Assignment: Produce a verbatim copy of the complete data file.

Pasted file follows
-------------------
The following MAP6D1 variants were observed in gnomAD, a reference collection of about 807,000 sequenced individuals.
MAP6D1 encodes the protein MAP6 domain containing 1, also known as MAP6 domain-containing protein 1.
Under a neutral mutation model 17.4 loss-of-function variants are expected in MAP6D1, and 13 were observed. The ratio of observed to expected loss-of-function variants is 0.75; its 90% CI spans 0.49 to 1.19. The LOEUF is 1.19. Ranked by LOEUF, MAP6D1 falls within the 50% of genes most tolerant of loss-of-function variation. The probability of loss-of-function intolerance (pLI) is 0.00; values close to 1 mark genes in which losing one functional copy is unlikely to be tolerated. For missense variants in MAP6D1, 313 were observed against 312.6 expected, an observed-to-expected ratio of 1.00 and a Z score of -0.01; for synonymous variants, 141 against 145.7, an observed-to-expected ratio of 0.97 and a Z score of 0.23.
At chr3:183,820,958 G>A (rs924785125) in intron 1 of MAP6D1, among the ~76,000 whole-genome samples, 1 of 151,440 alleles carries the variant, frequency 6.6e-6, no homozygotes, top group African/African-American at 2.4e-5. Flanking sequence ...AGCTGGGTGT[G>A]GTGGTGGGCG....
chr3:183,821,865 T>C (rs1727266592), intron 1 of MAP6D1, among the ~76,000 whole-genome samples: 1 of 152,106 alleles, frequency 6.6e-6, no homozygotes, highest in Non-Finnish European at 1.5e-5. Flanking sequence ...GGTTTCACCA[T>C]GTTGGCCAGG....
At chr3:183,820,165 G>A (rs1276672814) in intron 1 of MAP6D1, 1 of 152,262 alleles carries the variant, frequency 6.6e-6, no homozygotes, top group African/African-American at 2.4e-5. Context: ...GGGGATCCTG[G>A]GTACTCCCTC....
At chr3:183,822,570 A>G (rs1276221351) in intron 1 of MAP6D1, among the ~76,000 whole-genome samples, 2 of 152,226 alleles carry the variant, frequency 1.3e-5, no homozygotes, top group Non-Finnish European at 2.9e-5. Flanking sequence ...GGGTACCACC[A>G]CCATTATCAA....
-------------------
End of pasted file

The following MAP6D1 variants were observed in gnomAD, a reference collection of about 807,000 sequenced individuals.
MAP6D1 encodes the protein MAP6 domain containing 1, also known as MAP6 domain-containing protein 1.
Under a neutral mutation model 17.4 loss-of-function variants are expected in MAP6D1, and 13 were observed. The ratio of observed to expected loss-of-function variants is 0.75; its 90% CI spans 0.49 to 1.19. The LOEUF is 1.19. Ranked by LOEUF, MAP6D1 falls within the 50% of genes most tolerant of loss-of-function variation. The probability of loss-of-function intolerance (pLI) is 0.00; values close to 1 mark genes in which losing one functional copy is unlikely to be tolerated. For missense variants in MAP6D1, 313 were observed against 312.6 expected, an observed-to-expected ratio of 1.00 and a Z score of -0.01; for synonymous variants, 141 against 145.7, an observed-to-expected ratio of 0.97 and a Z score of 0.23.
At chr3:183,820,958 G>A (rs924785125) in intron 1 of MAP6D1, among the ~76,000 whole-genome samples, 1 of 151,440 alleles carries the variant, frequency 6.6e-6, no homozygotes, top group African/African-American at 2.4e-5. Flanking sequence ...AGCTGGGTGT[G>A]GTGGTGGGCG....
chr3:183,821,865 T>C (rs1727266592), intron 1 of MAP6D1, among the ~76,000 whole-genome samples: 1 of 152,106 alleles, frequency 6.6e-6, no homozygotes, highest in Non-Finnish European at 1.5e-5. Flanking sequence ...GGTTTCACCA[T>C]GTTGGCCAGG....
At chr3:183,820,165 G>A (rs1276672814) in intron 1 of MAP6D1, 1 of 152,262 alleles carries the variant, frequency 6.6e-6, no homozygotes, top group African/African-American at 2.4e-5. Context: ...GGGGATCCTG[G>A]GTACTCCCTC....
At chr3:183,822,570 A>G (rs1276221351) in intron 1 of MAP6D1, among the ~76,000 whole-genome samples, 2 of 152,226 alleles carry the variant, frequency 1.3e-5, no homozygotes, top group Non-Finnish European at 2.9e-5. Flanking sequence ...GGGTACCACC[A>G]CCATTATCAA....